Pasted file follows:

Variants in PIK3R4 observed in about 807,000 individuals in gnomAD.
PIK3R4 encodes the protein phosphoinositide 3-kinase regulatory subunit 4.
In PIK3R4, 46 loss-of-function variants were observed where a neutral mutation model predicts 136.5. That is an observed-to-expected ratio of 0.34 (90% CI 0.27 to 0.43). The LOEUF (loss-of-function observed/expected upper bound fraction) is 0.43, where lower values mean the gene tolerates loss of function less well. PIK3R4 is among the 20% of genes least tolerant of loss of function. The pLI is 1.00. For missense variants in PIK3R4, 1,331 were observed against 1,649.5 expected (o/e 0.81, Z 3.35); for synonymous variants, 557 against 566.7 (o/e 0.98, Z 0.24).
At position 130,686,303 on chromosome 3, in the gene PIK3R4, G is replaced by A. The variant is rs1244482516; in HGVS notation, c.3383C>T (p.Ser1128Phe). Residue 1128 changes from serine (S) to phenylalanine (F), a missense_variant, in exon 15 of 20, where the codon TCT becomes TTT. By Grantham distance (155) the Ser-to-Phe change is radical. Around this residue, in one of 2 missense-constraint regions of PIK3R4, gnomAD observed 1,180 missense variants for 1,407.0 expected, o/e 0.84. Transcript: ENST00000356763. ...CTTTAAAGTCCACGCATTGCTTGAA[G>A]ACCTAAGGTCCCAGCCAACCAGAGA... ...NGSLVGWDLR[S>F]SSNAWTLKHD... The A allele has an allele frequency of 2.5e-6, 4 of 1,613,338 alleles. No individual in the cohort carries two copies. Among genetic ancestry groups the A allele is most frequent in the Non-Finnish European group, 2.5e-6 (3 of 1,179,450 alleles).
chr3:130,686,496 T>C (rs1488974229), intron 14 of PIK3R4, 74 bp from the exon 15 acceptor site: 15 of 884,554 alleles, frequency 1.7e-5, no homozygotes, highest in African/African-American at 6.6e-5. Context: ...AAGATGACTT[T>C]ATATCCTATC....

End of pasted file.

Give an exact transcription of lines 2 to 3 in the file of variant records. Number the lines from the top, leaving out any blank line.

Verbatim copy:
PIK3R4 encodes the protein phosphoinositide 3-kinase regulatory subunit 4.
In PIK3R4, 46 loss-of-function variants were observed where a neutral mutation model predicts 136.5. That is an observed-to-expected ratio of 0.34 (90% CI 0.27 to 0.43). The LOEUF (loss-of-function observed/expected upper bound fraction) is 0.43, where lower values mean the gene tolerates loss of function less well. PIK3R4 is among the 20% of genes least tolerant of loss of function. The pLI is 1.00. For missense variants in PIK3R4, 1,331 were observed against 1,649.5 expected (o/e 0.81, Z 3.35); for synonymous variants, 557 against 566.7 (o/e 0.98, Z 0.24).